Tyler Huntley's surprise appearance in the Pro Bowl didn't earn him a pay raise, but the Ravens remain interested in keeping him.
Baltimore is placing the right-of-first-refusal tender on the restricted free agent quarterback, NFL Network Insider Tom Pelissero reported.
Huntley's restricted status means the Ravens will be able to match any offer presented to the quarterback. However, Baltimore's low tender offer to the former undrafted free agent means the Ravens won't receive any compensation if Huntley signs an offer sheet and they decline to match the offer.
As the Ravens work through their contract situation with Lamar Jackson, everything remains open to interpretation, including a decision like this. If Baltimore was truly concerned about losing Jackson, it would be wise to secure Huntley's services by offering him a tender that would cost an outside suitor a valuable pick (such as a first- or second-round tender) to sign him away from the Ravens. This isn't foolproof, though, because the Ravens would use a larger portion of cap space with a higher-round tender, potentially overpaying Huntley and taking up roughly twice as much space with the higher tender (between $6.005 million and $4.304 million as opposed to $2.627 million). The latter matters even more as the Ravens brace for the massive cost of a new deal with Jackson.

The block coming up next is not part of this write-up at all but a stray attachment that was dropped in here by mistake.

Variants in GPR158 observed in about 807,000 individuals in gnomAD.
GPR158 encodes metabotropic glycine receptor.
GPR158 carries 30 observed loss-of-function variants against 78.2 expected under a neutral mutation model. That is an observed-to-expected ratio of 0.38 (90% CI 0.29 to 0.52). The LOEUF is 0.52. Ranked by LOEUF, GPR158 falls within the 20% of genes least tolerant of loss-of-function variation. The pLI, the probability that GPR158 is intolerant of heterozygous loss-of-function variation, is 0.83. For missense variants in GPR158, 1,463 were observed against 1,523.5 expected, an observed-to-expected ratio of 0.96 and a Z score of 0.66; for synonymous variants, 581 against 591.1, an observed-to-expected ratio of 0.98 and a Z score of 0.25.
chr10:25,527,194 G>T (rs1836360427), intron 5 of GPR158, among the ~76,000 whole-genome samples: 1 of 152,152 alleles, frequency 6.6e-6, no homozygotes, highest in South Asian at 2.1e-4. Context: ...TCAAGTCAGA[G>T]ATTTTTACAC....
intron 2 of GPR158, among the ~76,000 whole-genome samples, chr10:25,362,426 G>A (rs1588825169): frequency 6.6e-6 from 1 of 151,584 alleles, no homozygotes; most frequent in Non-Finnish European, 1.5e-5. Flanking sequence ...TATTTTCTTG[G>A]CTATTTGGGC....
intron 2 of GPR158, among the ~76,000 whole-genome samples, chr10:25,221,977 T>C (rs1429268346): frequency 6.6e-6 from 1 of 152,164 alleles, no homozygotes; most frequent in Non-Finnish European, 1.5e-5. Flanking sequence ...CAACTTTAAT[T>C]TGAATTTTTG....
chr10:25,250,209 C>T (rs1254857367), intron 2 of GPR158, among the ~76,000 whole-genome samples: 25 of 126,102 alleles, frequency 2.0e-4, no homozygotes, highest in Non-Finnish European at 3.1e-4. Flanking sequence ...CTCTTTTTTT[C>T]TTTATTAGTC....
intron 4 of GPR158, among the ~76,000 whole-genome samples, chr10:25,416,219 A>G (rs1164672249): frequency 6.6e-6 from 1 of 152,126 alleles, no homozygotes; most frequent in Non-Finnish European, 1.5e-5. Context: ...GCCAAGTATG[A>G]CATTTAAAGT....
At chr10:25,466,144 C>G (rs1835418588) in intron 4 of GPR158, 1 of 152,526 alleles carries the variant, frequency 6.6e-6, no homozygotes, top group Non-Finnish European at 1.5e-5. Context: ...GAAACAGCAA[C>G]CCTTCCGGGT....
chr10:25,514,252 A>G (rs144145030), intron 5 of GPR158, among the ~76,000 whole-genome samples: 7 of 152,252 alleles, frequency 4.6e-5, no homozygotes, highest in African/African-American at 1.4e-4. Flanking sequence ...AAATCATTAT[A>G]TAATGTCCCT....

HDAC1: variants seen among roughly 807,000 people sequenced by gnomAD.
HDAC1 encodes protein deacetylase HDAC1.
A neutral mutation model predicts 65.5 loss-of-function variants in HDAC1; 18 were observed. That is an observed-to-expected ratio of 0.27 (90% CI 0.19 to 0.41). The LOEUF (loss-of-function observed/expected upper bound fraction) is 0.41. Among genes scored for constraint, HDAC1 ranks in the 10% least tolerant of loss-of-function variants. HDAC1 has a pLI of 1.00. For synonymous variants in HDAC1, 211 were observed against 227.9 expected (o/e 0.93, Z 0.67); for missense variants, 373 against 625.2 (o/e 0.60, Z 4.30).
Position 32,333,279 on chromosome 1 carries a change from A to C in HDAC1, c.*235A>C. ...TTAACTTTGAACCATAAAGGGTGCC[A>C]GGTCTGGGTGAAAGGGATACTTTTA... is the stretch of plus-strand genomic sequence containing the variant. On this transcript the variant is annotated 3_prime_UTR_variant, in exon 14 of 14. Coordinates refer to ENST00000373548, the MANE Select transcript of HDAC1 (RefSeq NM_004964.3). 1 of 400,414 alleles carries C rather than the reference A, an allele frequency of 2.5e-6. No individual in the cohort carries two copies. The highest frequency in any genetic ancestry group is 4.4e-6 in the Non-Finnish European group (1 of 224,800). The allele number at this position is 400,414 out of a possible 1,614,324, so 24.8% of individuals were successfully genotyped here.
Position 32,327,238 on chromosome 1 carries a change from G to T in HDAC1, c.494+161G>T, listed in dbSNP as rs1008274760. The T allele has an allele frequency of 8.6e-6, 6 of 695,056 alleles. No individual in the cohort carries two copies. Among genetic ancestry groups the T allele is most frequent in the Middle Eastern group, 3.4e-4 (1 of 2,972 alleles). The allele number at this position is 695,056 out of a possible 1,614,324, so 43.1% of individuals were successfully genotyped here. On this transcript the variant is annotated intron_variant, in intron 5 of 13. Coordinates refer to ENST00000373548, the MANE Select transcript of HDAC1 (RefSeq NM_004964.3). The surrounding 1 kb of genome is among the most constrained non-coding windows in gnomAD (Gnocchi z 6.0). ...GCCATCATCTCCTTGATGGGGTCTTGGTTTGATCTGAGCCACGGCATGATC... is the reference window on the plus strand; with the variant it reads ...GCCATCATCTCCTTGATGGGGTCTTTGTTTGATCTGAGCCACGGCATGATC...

There is recent precedent for placing a higher tender on a key player: New Orleans used a first-round tender on offensive weapon Taysom Hill in 2020, driving up the price on Hill and demonstrating just how important he was to the franchise's plans at that time, a year before the retirement of Drew Brees.
Huntley has become that important to the Ravens in the last two seasons, stepping in for the injured Jackson and keeping Baltimore competitive enough to reach the playoffs in 2022 and narrowly miss out in 2021. His own injury forced the Ravens to confront a reality with nothing more than an undrafted rookie (Oregon's Anthony Brown) available, further emphasizing the importance of the position.
It will be interesting to see if another team attempts to sign Huntley -- a quality backup regarded highly enough to make an unlikely appearance in the Pro Bowl as an alternate -- away from the Ravens. If anything, it would set a market for Huntley that ideally lands beyond the number the provided by the low tender.